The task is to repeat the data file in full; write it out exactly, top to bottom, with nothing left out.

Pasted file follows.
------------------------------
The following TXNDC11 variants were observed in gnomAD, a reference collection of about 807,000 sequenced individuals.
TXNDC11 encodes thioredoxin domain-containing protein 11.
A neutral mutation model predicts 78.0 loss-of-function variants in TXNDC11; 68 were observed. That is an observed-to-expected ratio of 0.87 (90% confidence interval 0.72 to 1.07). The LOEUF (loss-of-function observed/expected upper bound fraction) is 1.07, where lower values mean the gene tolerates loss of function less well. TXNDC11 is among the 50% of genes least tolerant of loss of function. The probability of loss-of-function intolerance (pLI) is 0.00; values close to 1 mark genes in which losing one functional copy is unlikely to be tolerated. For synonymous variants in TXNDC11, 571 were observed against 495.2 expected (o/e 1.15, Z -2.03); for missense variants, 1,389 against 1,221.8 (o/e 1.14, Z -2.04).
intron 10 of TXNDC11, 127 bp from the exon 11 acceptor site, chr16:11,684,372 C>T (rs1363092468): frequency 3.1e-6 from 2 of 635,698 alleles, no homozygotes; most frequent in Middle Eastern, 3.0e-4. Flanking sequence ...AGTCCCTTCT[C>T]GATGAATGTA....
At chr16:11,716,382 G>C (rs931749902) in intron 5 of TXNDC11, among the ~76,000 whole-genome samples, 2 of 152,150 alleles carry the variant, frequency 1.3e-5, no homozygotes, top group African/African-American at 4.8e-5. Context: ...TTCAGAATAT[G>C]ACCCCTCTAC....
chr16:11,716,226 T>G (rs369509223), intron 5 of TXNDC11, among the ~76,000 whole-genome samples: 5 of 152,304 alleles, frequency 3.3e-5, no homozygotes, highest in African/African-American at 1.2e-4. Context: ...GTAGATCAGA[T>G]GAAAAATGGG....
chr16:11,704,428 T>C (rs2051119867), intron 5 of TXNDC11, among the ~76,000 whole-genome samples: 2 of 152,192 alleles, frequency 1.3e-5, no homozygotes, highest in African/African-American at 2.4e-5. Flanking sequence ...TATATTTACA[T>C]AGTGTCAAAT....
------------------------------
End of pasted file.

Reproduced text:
The following TXNDC11 variants were observed in gnomAD, a reference collection of about 807,000 sequenced individuals.
TXNDC11 encodes thioredoxin domain-containing protein 11.
A neutral mutation model predicts 78.0 loss-of-function variants in TXNDC11; 68 were observed. That is an observed-to-expected ratio of 0.87 (90% confidence interval 0.72 to 1.07). The LOEUF (loss-of-function observed/expected upper bound fraction) is 1.07, where lower values mean the gene tolerates loss of function less well. TXNDC11 is among the 50% of genes least tolerant of loss of function. The probability of loss-of-function intolerance (pLI) is 0.00; values close to 1 mark genes in which losing one functional copy is unlikely to be tolerated. For synonymous variants in TXNDC11, 571 were observed against 495.2 expected (o/e 1.15, Z -2.03); for missense variants, 1,389 against 1,221.8 (o/e 1.14, Z -2.04).
intron 10 of TXNDC11, 127 bp from the exon 11 acceptor site, chr16:11,684,372 C>T (rs1363092468): frequency 3.1e-6 from 2 of 635,698 alleles, no homozygotes; most frequent in Middle Eastern, 3.0e-4. Flanking sequence ...AGTCCCTTCT[C>T]GATGAATGTA....
At chr16:11,716,382 G>C (rs931749902) in intron 5 of TXNDC11, among the ~76,000 whole-genome samples, 2 of 152,150 alleles carry the variant, frequency 1.3e-5, no homozygotes, top group African/African-American at 4.8e-5. Context: ...TTCAGAATAT[G>C]ACCCCTCTAC....
chr16:11,716,226 T>G (rs369509223), intron 5 of TXNDC11, among the ~76,000 whole-genome samples: 5 of 152,304 alleles, frequency 3.3e-5, no homozygotes, highest in African/African-American at 1.2e-4. Context: ...GTAGATCAGA[T>G]GAAAAATGGG....
chr16:11,704,428 T>C (rs2051119867), intron 5 of TXNDC11, among the ~76,000 whole-genome samples: 2 of 152,192 alleles, frequency 1.3e-5, no homozygotes, highest in African/African-American at 2.4e-5. Flanking sequence ...TATATTTACA[T>C]AGTGTCAAAT....